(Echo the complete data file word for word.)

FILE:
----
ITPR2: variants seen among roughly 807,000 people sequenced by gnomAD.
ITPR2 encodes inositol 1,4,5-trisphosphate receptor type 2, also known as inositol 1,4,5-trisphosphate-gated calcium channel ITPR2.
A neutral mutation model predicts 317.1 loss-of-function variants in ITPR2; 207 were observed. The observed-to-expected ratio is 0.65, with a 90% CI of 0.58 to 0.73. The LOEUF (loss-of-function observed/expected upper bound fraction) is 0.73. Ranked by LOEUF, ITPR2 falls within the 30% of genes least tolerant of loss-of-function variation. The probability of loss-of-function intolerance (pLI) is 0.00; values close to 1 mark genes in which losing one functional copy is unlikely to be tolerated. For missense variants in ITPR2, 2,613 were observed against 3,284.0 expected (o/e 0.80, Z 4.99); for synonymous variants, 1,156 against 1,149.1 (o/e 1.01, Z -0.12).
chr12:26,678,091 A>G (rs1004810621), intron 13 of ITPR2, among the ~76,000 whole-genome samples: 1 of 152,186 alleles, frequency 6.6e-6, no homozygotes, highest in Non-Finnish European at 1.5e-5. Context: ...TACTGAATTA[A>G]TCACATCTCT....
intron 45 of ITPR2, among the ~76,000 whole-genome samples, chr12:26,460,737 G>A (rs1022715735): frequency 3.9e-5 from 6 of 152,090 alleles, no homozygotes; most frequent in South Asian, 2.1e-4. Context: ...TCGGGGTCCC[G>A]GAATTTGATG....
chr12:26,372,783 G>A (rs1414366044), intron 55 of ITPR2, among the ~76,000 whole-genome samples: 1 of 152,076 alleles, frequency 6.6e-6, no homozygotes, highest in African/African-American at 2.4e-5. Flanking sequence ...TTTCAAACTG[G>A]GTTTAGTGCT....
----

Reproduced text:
ITPR2: variants seen among roughly 807,000 people sequenced by gnomAD.
ITPR2 encodes inositol 1,4,5-trisphosphate receptor type 2, also known as inositol 1,4,5-trisphosphate-gated calcium channel ITPR2.
A neutral mutation model predicts 317.1 loss-of-function variants in ITPR2; 207 were observed. The observed-to-expected ratio is 0.65, with a 90% CI of 0.58 to 0.73. The LOEUF (loss-of-function observed/expected upper bound fraction) is 0.73. Ranked by LOEUF, ITPR2 falls within the 30% of genes least tolerant of loss-of-function variation. The probability of loss-of-function intolerance (pLI) is 0.00; values close to 1 mark genes in which losing one functional copy is unlikely to be tolerated. For missense variants in ITPR2, 2,613 were observed against 3,284.0 expected (o/e 0.80, Z 4.99); for synonymous variants, 1,156 against 1,149.1 (o/e 1.01, Z -0.12).
chr12:26,678,091 A>G (rs1004810621), intron 13 of ITPR2, among the ~76,000 whole-genome samples: 1 of 152,186 alleles, frequency 6.6e-6, no homozygotes, highest in Non-Finnish European at 1.5e-5. Context: ...TACTGAATTA[A>G]TCACATCTCT....
intron 45 of ITPR2, among the ~76,000 whole-genome samples, chr12:26,460,737 G>A (rs1022715735): frequency 3.9e-5 from 6 of 152,090 alleles, no homozygotes; most frequent in South Asian, 2.1e-4. Context: ...TCGGGGTCCC[G>A]GAATTTGATG....
chr12:26,372,783 G>A (rs1414366044), intron 55 of ITPR2, among the ~76,000 whole-genome samples: 1 of 152,076 alleles, frequency 6.6e-6, no homozygotes, highest in African/African-American at 2.4e-5. Flanking sequence ...TTTCAAACTG[G>A]GTTTAGTGCT....